1. Raise the setpoint of the zone thermostat above room temperature to call for heat.

    2. Observe all control devices. The valve should open, and the end switch should close the circuit to the circulator or other valve at the end of the opening stroke.

    3. Lower the setpoint of the zone thermostat below room temperature so that it satisfies.

    4. Observe the control devices; the valve should close. The auxiliary equipment should stop unless the end switches are wired in parallel and another zone is calling for heat.

    If the auxiliary equipment continues to run when the zone valve satisfies, lower the setpoints below room temperature on all the zones and repeat the procedure.



    Valve Repair

    If the valve is leaking, drain the system and check the O-ring on top of the valve body. If it is the source of the leak, replace it to restore a tight seal.

    If the gear train is damaged, replace the powerhead assembly. If the valve has a new-style (Series 6) body, it does not require draining the system or breaking line connections. If the valve has an old-style body, the valve body must be converted to accept the new powerhead with a conversion kit, which does require draining the system.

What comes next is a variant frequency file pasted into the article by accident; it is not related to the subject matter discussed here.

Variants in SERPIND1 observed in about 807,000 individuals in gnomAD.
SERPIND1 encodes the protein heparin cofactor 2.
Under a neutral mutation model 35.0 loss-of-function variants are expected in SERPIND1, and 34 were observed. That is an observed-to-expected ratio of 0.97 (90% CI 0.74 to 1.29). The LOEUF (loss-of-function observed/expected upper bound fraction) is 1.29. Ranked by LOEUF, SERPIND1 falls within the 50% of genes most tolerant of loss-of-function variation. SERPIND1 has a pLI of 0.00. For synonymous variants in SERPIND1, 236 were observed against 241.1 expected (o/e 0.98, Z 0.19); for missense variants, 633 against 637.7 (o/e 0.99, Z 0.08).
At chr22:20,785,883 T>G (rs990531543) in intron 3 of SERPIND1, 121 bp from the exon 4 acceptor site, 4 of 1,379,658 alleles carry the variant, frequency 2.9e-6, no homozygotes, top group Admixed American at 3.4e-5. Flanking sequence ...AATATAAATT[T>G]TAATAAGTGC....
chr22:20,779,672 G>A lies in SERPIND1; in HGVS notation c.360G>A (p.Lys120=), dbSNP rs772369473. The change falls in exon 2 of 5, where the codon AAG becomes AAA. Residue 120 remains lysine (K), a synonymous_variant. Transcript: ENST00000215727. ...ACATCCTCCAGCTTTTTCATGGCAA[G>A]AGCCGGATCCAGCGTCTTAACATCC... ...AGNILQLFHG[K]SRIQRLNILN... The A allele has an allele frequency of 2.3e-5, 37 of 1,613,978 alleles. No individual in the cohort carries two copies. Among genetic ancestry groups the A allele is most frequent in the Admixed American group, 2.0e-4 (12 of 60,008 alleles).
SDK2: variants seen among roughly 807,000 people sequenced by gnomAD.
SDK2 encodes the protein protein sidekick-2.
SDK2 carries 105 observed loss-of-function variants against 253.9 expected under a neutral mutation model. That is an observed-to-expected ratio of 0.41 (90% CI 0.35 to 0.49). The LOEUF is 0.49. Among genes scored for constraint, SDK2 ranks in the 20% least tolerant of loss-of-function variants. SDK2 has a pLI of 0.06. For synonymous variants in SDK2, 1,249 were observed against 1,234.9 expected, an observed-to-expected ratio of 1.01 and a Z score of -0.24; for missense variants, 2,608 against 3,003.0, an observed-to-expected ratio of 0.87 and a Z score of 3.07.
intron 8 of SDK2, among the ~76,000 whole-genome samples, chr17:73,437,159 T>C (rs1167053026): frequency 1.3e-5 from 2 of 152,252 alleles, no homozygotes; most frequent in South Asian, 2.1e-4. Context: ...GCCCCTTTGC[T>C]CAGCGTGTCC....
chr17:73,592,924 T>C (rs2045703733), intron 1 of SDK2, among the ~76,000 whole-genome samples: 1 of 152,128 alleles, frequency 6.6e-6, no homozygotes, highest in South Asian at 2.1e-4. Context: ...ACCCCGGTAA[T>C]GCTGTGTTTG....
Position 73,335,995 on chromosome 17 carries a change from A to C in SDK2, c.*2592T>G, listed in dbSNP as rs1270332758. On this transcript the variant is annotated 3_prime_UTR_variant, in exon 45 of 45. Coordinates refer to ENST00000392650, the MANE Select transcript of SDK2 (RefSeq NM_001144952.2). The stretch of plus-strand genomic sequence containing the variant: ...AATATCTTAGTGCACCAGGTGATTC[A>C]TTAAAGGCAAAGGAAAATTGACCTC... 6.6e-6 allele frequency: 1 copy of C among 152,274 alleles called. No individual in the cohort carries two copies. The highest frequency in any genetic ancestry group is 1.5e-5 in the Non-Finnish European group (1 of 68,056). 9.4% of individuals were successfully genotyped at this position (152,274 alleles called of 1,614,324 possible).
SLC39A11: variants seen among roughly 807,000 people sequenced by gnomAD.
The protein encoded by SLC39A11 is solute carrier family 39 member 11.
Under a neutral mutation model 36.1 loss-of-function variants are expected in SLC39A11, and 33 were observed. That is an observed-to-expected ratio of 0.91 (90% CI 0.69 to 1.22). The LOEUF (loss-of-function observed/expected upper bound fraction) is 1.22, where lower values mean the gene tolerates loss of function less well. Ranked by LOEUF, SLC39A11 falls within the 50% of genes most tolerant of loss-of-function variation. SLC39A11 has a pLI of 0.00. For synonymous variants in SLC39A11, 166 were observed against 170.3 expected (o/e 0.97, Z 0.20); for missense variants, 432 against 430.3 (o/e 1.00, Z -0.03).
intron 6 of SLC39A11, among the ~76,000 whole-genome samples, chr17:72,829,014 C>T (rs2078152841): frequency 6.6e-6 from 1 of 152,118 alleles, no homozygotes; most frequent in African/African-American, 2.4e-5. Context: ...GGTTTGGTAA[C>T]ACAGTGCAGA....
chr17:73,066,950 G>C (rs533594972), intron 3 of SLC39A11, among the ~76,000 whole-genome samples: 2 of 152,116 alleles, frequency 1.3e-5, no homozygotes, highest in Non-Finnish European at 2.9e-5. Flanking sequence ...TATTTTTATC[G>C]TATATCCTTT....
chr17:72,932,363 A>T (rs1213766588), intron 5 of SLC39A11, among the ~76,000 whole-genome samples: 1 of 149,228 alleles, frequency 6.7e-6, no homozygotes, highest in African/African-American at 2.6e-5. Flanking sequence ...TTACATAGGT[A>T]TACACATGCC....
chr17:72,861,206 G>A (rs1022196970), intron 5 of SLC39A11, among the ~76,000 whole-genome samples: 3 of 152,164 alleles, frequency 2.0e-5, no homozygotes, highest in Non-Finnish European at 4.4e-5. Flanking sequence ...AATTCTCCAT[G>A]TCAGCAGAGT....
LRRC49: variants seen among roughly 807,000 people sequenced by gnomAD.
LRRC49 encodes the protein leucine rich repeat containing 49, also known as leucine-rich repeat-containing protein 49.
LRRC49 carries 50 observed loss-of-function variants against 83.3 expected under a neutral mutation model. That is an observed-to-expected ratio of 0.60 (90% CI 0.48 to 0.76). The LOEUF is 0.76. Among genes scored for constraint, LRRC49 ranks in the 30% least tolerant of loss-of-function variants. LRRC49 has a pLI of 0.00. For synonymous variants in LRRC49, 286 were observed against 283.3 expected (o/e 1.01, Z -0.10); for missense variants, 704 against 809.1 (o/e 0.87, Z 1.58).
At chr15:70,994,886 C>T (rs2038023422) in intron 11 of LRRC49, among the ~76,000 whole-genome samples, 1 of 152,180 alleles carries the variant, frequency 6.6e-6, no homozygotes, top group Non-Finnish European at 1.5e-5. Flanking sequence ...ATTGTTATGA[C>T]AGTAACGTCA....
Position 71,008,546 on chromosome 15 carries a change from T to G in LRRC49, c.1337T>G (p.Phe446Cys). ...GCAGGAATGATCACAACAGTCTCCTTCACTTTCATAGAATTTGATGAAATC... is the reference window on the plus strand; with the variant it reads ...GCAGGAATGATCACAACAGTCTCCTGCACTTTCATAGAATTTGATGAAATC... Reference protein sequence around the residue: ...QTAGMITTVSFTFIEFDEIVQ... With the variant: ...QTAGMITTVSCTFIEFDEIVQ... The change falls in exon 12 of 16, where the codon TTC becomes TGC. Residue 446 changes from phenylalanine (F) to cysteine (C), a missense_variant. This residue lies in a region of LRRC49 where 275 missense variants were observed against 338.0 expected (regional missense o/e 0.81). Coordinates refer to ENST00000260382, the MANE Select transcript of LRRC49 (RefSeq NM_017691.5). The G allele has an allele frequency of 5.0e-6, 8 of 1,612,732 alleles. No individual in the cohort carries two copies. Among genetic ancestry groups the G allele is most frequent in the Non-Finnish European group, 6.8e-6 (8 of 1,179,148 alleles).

McElwain, president of Gas Appliance Service Training and Consulting, teaches service and troubleshooting skills. The company has troubleshooting guides covering 38 topics, and teaches a seminar series on the Fundamentals of Gas, Circuitry and Troubleshooting, Hydronic Controls, Electric Ignition Systems, Advanced Electric Ignition Systems, Powerpile Systems, and Conversion Burners. Contact McElwain at Gas Appliance Service Training and Consulting, 22 Griffith Dr., Riverside, RI 02915; 401-437-0557.

    Publication date: 01/29/2001